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Aging Healthy: You and Your Medicines, Part 2

Black Health Matters / Our Health  / Seniors  / Aging Healthy: You and Your Medicines, Part 2

Aging Healthy: You and Your Medicines, Part 2

Talk to your health-care professionals

It is important to go to all of your medical appointments and to talk to your team of health-care professionals (doctors, pharmacists, nurses or physician assistants) about your medical conditions, the medicines you take and any health concerns you have.

It may help to make a list of comments, questions or concerns before your visit or call to a health-care professional. Also, think about having a close friend or relative come to your appointment with you if you are unsure about talking to your health-care professional or would like someone to help you understand or remember answers to your questions.

Here are some other things to keep in mind:

All medicines count: Tell your team of health-care professionals about all the medicines you take, including prescription and over-the-counter medicines, such as pain relievers, antacids, cold medicines and laxatives. Don’t forget to include eye drops, dietary supplements, vitamins, herbals and topical medicines, such as creams and ointments.

Keep in touch with your doctors: If you regularly take a prescription medicine, ask your doctor to check how well it is working, whether you still need to take it and, if so, whether there is anything you can do (like lowering fats in your diet or exercising more) to cut back or, in time, stop needing the medicine. Don’t stop taking the medicine on your own without first talking with your doctor.

Medical history: Tell your health-care professional about your medical history. The doctor will want to know if you have any food, medicine or other allergies. He or she also will want to know about other conditions you have or had and how you are being treated or were treated for them by other doctors. It is helpful to keep a written list of your health conditions that you can easily share with your doctors. Your primary care doctor should also know about any specialist doctors you may see on a regular basis.

Eating habits: Mention your eating habits. If you follow or have recently changed to a special diet (a very low-fat diet, for instance, or a high-calcium diet), talk to your doctor about this. Tell your doctor how much coffee, tea or alcohol you drink each day and whether you smoke. These things may make a difference in the way your medicine works. Tell your health professionals about your medical history and about all medicines or supplements you take.

Recognizing and remembering to take your medicines: Let your health-care professional know if you have trouble telling your medicines apart. The doctor can help you find better ways to recognize your medicines. Also tell your doctor if you have problems remembering when to take your medicines or how much to take. Your doctor may have some ideas to help, such as a calendar or pill box.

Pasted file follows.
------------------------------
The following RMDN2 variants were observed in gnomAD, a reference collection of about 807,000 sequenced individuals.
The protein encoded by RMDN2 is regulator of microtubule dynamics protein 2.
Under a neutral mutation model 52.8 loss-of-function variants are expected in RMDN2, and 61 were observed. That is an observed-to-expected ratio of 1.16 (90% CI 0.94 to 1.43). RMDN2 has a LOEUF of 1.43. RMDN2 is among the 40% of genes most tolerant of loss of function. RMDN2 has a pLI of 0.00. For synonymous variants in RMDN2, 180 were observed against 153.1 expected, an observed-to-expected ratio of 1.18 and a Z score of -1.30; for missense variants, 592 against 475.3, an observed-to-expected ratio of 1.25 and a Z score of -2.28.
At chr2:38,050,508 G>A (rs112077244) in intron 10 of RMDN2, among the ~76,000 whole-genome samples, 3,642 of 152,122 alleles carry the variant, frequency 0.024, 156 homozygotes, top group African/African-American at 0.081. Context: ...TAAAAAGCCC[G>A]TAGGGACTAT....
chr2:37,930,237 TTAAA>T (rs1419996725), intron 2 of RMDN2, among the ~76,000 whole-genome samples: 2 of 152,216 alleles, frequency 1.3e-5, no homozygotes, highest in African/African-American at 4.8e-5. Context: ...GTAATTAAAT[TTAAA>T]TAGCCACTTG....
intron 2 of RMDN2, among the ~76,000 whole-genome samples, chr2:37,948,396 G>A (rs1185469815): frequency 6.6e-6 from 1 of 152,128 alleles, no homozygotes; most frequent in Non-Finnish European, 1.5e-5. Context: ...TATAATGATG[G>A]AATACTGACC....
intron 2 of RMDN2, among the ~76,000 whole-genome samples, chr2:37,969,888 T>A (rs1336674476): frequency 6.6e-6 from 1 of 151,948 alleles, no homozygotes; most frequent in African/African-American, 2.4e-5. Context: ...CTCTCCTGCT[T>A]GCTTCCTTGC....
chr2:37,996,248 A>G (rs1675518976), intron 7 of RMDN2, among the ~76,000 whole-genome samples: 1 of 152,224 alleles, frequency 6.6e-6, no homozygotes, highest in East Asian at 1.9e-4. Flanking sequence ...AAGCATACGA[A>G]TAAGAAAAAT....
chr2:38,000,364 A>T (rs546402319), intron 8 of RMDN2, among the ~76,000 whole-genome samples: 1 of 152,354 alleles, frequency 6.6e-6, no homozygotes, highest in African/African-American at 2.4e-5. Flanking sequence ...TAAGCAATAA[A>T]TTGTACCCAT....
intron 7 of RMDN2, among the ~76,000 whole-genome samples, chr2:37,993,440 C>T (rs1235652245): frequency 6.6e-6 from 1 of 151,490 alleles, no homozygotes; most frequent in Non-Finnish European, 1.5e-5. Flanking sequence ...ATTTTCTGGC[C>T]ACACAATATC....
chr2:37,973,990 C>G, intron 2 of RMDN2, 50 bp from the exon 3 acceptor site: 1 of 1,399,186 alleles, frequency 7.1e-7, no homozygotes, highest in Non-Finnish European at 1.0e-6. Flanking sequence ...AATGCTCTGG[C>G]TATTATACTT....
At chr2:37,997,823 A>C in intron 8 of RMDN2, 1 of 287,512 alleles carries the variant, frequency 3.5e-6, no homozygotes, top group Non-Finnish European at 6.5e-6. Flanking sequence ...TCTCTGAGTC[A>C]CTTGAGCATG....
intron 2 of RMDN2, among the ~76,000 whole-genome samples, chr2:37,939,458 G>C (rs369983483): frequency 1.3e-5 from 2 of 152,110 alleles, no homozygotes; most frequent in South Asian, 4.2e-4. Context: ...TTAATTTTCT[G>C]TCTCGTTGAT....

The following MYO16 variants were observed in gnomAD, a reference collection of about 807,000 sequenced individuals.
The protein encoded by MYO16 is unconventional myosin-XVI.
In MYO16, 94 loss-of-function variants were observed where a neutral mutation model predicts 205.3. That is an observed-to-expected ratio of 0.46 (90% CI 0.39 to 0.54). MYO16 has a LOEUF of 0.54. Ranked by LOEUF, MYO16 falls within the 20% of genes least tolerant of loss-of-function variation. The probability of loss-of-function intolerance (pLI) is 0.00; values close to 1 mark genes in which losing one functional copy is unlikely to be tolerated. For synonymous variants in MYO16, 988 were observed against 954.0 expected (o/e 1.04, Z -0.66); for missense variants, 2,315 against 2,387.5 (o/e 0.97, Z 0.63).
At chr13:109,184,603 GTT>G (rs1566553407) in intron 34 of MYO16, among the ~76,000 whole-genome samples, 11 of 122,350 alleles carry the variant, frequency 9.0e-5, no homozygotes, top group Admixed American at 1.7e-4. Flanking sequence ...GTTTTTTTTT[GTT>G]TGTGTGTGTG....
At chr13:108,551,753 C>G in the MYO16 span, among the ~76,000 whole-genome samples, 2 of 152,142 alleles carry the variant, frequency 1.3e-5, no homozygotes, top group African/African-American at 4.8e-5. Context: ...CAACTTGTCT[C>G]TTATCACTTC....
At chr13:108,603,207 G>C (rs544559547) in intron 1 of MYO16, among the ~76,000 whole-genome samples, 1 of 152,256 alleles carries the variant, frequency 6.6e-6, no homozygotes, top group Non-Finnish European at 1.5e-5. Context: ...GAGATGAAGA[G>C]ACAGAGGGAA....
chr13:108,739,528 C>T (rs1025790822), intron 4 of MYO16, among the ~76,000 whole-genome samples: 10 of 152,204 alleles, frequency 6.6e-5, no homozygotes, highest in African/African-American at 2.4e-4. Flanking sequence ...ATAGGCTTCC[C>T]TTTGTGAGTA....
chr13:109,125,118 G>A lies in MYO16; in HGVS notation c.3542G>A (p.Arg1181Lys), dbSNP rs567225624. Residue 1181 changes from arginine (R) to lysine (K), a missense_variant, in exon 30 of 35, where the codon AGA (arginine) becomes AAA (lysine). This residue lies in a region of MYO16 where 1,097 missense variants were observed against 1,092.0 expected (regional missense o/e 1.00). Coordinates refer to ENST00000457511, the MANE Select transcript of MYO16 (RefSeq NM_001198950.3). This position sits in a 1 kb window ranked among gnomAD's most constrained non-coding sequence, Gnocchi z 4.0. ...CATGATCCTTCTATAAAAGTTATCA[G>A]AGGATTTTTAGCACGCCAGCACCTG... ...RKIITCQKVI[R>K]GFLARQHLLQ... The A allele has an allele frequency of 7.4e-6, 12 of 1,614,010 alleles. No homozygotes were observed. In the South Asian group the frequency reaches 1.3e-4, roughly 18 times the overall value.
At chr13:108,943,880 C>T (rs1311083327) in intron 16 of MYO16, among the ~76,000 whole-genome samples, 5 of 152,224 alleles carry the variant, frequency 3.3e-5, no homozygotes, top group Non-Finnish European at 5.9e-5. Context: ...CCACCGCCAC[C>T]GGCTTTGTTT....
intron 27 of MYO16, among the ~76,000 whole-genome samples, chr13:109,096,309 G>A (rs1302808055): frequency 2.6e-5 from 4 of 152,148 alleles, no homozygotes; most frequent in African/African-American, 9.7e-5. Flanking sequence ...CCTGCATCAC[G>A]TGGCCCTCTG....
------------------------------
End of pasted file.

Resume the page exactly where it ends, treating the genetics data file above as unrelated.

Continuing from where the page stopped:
Swallowing tablets: If you have trouble swallowing tablets, ask your doctor, nurse or pharmacist for ideas. Maybe there is a liquid medicine you could use or maybe you can crush your tablets. Do not break, crush or chew tablets without first asking your health professional.

Your lifestyle: If you want to make your medicine schedule more simple, talk about it with your doctor. He or she may have another medicine or ideas that better fit your lifestyle. For example, if taking medicine four times a day is a problem for you, maybe the doctor can give you a medicine you only need to take once or twice a day.

Put It in writing: Ask your health-care professional to write out a complete medicine schedule, with directions on exactly when and how to take your medicines. Find out from your primary care doctor how your medicine schedule should be changed if you see more than one doctor.

Your pharmacist is part of your medication team, too. One of the most important services a pharmacist can offer is to talk to you about your medicines. A pharmacist can help you understand how and when to take your medicines, what side effects you might expect or what interactions may occur. A pharmacist can answer your questions privately in the pharmacy or over the telephone.

Here are some other ways your pharmacist can help:

Many pharmacists keep track of medicines on their computer. If you buy your medicines at one store and tell your pharmacist all the over-the-counter and prescription medicines or dietary supplements you take, your pharmacist can help make sure your medicines don’t interact harmfully with one another.
Ask your pharmacist to place your prescription medicines in easy-to-open containers if you have a hard time taking off child-proof caps and do not have young children living in or visiting your home. (Remember to keep all medicines out of the sight and reach of children.)
Your pharmacist may be able to print labels on prescription medicine containers in larger type, if reading the medicine label is hard for you.
Your pharmacist may be able to give you written information to help you learn more about your medicines. This information may be available in large type or in a language other than English. Your pharmacist can help keep track of your medicines.
Be sure to come back tomorrow for Part 3 of “Aging Healthy: You and Your Medicines.”

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Roslyn Daniels